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Publication numberUS2836397 A
Publication typeGrant
Publication dateMay 27, 1958
Filing dateMar 11, 1954
Priority dateMar 11, 1954
Publication numberUS 2836397 A, US 2836397A, US-A-2836397, US2836397 A, US2836397A
InventorsMorrissey Joseph V
Original AssigneeUnited States Steel Corp
Export CitationBiBTeX, EndNote, RefMan
External Links: USPTO, USPTO Assignment, Espacenet
Chain link fencing
US 2836397 A
Abstract  available in
Previous page
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Claims  available in
Description  (OCR text may contain errors)

y 1958 J. v. MORRISSEY 2,836,397

CHAIN LINK-FENCING Filed March 11, 1954 2 Sheets-Sheet 1 TTEL g INVENTOR. JOSEPH l. MORE/SSE),

his Attorney.

J. V. MORRISSEY CHAIN LINK FENCING 2 Sheets-Sheet 2 May 27, 1958 Filed March 11, 1954 IN l/EN TOR. JOSEPH M MORE/SSE),

his Affomey.

United States Patent CHAIN LINK FENCING .iosepli V. Morrissey, v'fiiiiittgfifl, 1H,, assignor to United States Steel Corporation, a corporation of New Jersey Application March 11, 1954, Serial No. 415,518 2 Claims. (Ci. 256-420) This invention relates to chain link fencing and more particularly to a terminal post assembly for such fencings and a method of assembling a fence. Fencing is usually shipped with the posts, fittings, and fence fabric in separate bundles. The bare pieces of pipe forming the posts are set in concrete footings and after the concrete hardens barbed wire arms, fittings for holding the fence fabric, top rail, braces and similar attachments are fastened to the fence posts. The fabric is fastened to the posts by manual labor with hand tools. This is a tedious and costly operation on most fence jobs because every chain link fence has a number of terminal posts. The terminal posts are those posts to which the ends of fabric are attached such as end, gate, corner and pull posts. In many instances the buyer erects his own fence but because of his lack of skill he has diificulty in selecting the proper fittings and assembling the same on the posts. Since the fittings are shipped in separate packages, boxes or barrels, they may be lost in transit. This is an added expense and also causes delay in erecting the fence. Even when the fence is erected by expert crews the time consumed in erecting the fence is considerable and the cost therefore high.

it is therefore an object of my invention to provide a terminal post assembly which will eliminate much of the field work in erecting fences.

Another object is to provide a method of assembling a chain link fence in the field with a minimum of labor.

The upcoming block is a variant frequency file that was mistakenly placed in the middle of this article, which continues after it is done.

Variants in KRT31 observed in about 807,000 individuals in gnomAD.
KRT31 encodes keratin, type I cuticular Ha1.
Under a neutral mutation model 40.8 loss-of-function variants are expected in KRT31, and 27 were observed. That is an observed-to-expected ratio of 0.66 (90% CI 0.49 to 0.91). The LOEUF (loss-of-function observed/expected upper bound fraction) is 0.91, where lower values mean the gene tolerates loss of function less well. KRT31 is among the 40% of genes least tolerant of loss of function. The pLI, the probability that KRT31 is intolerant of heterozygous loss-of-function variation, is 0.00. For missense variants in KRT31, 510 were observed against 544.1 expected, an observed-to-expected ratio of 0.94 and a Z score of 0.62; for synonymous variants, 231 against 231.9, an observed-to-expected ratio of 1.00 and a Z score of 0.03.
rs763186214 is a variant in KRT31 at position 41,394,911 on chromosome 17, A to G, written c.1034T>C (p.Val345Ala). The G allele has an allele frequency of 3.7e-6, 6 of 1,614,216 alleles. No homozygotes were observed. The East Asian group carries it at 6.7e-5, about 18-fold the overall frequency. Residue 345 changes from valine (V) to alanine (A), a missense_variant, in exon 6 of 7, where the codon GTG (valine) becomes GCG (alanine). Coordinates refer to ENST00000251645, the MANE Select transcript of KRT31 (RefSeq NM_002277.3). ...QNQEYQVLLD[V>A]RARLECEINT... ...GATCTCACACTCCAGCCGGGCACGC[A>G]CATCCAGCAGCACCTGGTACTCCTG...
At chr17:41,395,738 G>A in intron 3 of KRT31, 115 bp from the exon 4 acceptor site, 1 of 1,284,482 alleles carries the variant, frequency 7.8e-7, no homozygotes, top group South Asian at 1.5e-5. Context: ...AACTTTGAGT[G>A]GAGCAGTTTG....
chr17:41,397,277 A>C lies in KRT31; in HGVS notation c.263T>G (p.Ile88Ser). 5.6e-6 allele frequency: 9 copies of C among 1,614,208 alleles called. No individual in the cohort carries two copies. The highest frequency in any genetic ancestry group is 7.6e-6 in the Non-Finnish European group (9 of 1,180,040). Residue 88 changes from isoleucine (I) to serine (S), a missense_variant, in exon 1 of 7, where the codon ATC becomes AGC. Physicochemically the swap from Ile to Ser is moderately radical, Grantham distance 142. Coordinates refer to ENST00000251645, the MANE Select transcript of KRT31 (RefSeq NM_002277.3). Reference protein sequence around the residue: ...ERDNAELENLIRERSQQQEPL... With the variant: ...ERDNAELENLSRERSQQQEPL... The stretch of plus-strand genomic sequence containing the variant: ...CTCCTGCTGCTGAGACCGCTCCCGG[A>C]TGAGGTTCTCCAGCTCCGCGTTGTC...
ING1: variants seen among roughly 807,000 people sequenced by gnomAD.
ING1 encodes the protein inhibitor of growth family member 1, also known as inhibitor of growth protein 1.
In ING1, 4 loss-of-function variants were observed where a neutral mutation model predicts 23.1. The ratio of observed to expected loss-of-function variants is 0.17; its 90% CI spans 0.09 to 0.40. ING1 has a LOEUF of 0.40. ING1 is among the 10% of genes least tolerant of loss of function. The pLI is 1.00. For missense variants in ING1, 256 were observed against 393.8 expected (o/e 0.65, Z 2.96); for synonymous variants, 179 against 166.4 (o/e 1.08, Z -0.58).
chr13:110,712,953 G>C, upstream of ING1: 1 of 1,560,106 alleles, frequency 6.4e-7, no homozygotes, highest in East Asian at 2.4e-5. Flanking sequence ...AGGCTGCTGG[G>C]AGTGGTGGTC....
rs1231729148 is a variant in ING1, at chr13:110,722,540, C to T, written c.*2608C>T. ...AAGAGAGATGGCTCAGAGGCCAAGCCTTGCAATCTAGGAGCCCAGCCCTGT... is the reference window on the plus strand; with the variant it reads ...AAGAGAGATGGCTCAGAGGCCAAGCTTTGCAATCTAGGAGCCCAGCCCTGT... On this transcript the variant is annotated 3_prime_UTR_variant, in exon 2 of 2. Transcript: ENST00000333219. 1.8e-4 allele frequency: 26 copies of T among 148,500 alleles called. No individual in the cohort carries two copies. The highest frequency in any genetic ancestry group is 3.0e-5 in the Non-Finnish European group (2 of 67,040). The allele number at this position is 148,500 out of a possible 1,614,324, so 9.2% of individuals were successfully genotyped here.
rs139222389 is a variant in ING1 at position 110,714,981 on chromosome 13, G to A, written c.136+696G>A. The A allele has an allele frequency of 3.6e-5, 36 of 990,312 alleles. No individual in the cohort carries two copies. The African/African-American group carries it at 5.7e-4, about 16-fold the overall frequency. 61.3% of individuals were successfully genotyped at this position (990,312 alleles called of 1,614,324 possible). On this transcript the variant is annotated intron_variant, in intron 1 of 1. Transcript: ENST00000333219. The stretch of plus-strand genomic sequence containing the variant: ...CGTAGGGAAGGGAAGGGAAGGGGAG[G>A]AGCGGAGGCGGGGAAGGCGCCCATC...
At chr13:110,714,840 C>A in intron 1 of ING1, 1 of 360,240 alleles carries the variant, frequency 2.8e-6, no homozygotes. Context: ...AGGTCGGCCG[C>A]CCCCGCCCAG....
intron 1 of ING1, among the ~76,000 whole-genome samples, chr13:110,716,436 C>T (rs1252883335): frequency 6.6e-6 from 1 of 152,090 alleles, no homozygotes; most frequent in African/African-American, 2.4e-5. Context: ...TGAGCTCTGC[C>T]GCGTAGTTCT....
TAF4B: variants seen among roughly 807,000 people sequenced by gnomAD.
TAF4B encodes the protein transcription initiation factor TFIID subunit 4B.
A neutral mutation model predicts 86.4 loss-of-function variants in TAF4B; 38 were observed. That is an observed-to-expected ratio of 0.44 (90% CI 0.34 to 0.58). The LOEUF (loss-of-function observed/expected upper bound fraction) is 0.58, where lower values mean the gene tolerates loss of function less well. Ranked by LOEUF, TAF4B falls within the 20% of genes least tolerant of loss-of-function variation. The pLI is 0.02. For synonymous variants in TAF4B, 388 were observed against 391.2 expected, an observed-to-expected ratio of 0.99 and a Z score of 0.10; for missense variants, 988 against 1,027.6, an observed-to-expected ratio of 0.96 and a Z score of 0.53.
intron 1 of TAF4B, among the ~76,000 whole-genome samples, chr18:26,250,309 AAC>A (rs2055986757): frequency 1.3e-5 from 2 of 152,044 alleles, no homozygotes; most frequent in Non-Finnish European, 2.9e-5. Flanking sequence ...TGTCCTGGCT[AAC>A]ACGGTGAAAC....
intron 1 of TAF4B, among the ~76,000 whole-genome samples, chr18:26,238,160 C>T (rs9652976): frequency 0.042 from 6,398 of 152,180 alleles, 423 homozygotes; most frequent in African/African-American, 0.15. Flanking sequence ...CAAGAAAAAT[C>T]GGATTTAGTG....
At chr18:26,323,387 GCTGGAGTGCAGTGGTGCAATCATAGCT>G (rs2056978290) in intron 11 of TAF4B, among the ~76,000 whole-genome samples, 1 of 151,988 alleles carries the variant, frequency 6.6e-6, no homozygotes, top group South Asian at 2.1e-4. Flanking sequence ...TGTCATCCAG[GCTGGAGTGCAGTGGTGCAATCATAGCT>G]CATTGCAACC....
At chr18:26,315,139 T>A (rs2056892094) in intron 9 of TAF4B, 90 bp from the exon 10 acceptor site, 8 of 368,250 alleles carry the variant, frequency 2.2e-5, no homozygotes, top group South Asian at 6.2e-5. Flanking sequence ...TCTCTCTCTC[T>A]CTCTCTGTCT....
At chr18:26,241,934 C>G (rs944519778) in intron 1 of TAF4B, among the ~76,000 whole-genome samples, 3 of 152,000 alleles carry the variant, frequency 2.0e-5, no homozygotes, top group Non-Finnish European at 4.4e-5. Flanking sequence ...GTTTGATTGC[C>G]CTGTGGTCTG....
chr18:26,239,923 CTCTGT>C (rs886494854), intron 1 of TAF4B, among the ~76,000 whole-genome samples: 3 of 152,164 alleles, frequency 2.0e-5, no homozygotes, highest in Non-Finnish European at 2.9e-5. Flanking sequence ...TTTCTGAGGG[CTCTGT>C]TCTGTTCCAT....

These and other objects will be more apparent after referring to the following specification and attached drawings, in which:

Figure 1 is a View of the terminal post assembly of my invention;

Figure 2 is a view on a reduced scale of the top arm taken at right angles to Figure 1;

Figure 3 is an enlarged view taken on the line IIIIII of Figure 1 with the fencing omitted;

Figure 4 is an enlarged view taken on the line IV-IV of Figure 1 with the fencing omitted;

Figure 5 is an enlarged view taken on the line V-V of Figure 1 with the fencing omitted;

Figure 6 is an enlarged view taken on the line VI-VI of Figure 1 with the fencing omitted;

Figure 7 is a plan view, partly in section, of a terminal post assembly having one fence section fastened thereto;

Figure 8 is a plan view, partly in section, of a terminal post assembly having two fence sections fastened thereto; and

Figure 9 is a View on a reduced scale of a fence partly assembled.

Referring more particularly to the drawings, the reference numeral 2 indicates a length of pipe which is used as a fence post. Fastened to the top of the post is an arm 4 which serves as a connection for barbed wire on top of the fence. This arm may be of various forms or may be omitted. A band 6 is fastened to the top of the fence and is held in place by means of a carriage bolt 8 which passes through holes in the ends 10 of the band. A cup or rail end 12 has a flange 14 which extends into the space between the ends 10 and is also held in place by the bolt 8 passing through a hole in the flange 14. Stretcher bar bands 16 are arranged around the post at spaced intervals, as shown. Each band 16 has free ends 18 which extend outwardly from the post and are connected by means of a carriage bolt 28. A stretcher bar 22 is secured between the ends 18 behind the bolt 20. A relatively short length of chain link fabric 24 is fastened to the stretcher bar 22 by means of a spiral end picket 26. The chain link fabric 24 is formed of a plurality of spiral pickets 28 which are interwoven as best shown in Figure 1. The ends of the pickets 28 are twisted together at their tops 30 and bottoms 32. An end band 36 is provided approximately midway the length of pipe 2 and is clamped thereto by rnea s of a carriage bolt 38 passing through openings in me ends of the band 36. A rail end 42 is fastened between the ends 4-0 by means of its flange 44. A truss band is fastened to the post 2 adjacent the bottom thereof by means of a carriage bolt 48 passing through the band ends 58. The foregoing parts are assembled at the factory and shipped as a unit with the fence fabric wrapped therearound as shown in Figure 7. In the case of a corner post an additional fabric section 24 is attached to the post in the same manner so that the assembly will be shipped as shown in Figure 8.